In this post, Always Looking 4 1 More writes:
In regards to your comment, "If you see something like aloe vera, odds are really good that it's aloe vera liquid or extract, not the gel, because the gel doesn't get used all that often."
I've come to the conclusion that not much of what we find in the way of aloe vera is what is says it is in ANY form. Have you ever smelled the gel (often referred to as "meat, or "inner fillet") of an aloe vera plant. It retains its natural smell no matter what form it's in, when it is allowed to remain in its natural state, without anything else added to it or taken away from it. I've smelled it, felt it, and even licked it right off the leaf (yick!). I smashed it, blended it, and strained it so all that was left was just "juice" (hardly any slime at all). No matter what I've done to it, the natural smell remains.
So I wonder what the aloe vera products I see in the stores by various suppliers really are when they have no smell whatsoever-- yet they claim on the labels to be "natural", or some say "no preservatives and nothing added", etc. Maybe they're not adding anything to the original gel, but I guess what they're not saying is how they "take away" the smell. It's the "take away" part that they leave out :-/
This is one of the things that drives me crazy, and why I encourage everyone to ask questions of our suppliers and our manufacturers because the information they provide isn't always completely accurate. It could be that they don't know about an ingredient - I'm perpetually surprised when I ask a question about something like an emulsifier and the supplier can't offer me a suggested usage rate! - or the manufacturer hasn't provided them with completely accurate information. For every ingredient I use, I insist on having a data sheet, data bulletin, and - at the very least - the INCI name. (Click here and here for two posts on INCI names!)
aloe extract from Voyageur, which is listed as being "A 100% (1:1) concentrated Aloe Vera Liquid Extract in a glycerin and water base" and has an INCI of Aloe Barbensis Leaf Extract (and) Glycerin (and) Aqua. It doesn't claim to be aloe vera juice at 100% and it's easy for anyone wanting to buy the product to see what it is - it's an extract with glycerin and water. (I am a little worried about it not having a preservative listed, but I am sure there's one there lurking in the glycerin because I can have a bottle of this in my workshop for a few months after opening and not see any grosssness there!)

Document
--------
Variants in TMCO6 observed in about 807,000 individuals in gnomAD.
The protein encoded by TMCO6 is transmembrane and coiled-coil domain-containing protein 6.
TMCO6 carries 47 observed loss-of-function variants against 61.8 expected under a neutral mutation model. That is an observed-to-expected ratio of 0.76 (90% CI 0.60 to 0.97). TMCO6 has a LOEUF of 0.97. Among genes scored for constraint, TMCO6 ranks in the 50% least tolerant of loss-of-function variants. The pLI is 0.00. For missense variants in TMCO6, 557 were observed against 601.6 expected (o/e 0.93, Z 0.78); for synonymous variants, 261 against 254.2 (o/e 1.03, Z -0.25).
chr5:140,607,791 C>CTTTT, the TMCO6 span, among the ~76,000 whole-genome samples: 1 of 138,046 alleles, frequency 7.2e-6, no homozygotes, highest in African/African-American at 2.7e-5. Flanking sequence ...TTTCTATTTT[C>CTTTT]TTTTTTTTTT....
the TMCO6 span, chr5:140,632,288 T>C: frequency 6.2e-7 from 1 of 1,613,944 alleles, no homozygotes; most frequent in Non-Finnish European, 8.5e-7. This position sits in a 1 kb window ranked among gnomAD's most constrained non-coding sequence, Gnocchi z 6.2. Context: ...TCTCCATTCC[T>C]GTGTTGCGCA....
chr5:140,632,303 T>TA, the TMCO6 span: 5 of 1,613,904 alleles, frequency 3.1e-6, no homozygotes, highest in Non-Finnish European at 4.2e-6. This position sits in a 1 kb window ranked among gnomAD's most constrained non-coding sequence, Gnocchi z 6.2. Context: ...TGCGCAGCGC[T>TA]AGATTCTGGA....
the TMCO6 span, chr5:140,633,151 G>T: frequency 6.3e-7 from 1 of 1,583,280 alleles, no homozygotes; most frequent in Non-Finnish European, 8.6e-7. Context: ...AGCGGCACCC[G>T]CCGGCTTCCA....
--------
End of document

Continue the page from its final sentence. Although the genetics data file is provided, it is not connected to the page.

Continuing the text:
Compare this to what Lotioncrafter advertises as aloe vera juice 1x - it has an INCI of Aloe Barbadensis Juice and it's noted that it has a preservative (Sodium Benzoate, Sodium Sulfite, and Potassium Sorbate, Citric Acid as a pH adjuster). I have no idea how this smells, but it claims to be 100% aloe vera (well, 99.something and preservatives, which, to me, is better than 100% aloe vera juice) and I imagine it has a smell to it?
Or compare this to what you might find at Brambleberry. They have two products - aloe vera extract, which contains water, glycerin, Aloe Barbadensis Leaf Extract, citric acid, potassium sorbate, sodium benzoate and aloe vera juice, which contains Aloe Barbadensis (Aloe) Leaf Juice with nothing else listed.
I bought some aloe vera - listed as natural and pure - from Wal-mart. That stuff smelled really strong in the bottle, but not in my products, and it went bad in about two weeks. I guess they were telling the truth about the not having preservatives part, but they failed to tell me about the putting it in the fridge part. It had a layer of black/brown mould on the bottom of the bottle with bits floating in it! Ewwww!
We're seeing a lot of aloe vera based drinks reaching our stores, and I imagine they must only use a titch of it or they've found a way to deodorize it!
Having said all of this, we have an aloe vera plant in my house and I don't find the smell of the gel distasteful. It's a bit musty smelling, but it's not really that offensive. Are there different types of the plant that are smellier than others? Does it depend upon the size, because our plant is very small?
If you want to read more about ingredients that aren't quite what they seem, click here for a post on floral waters vs. hydrosols!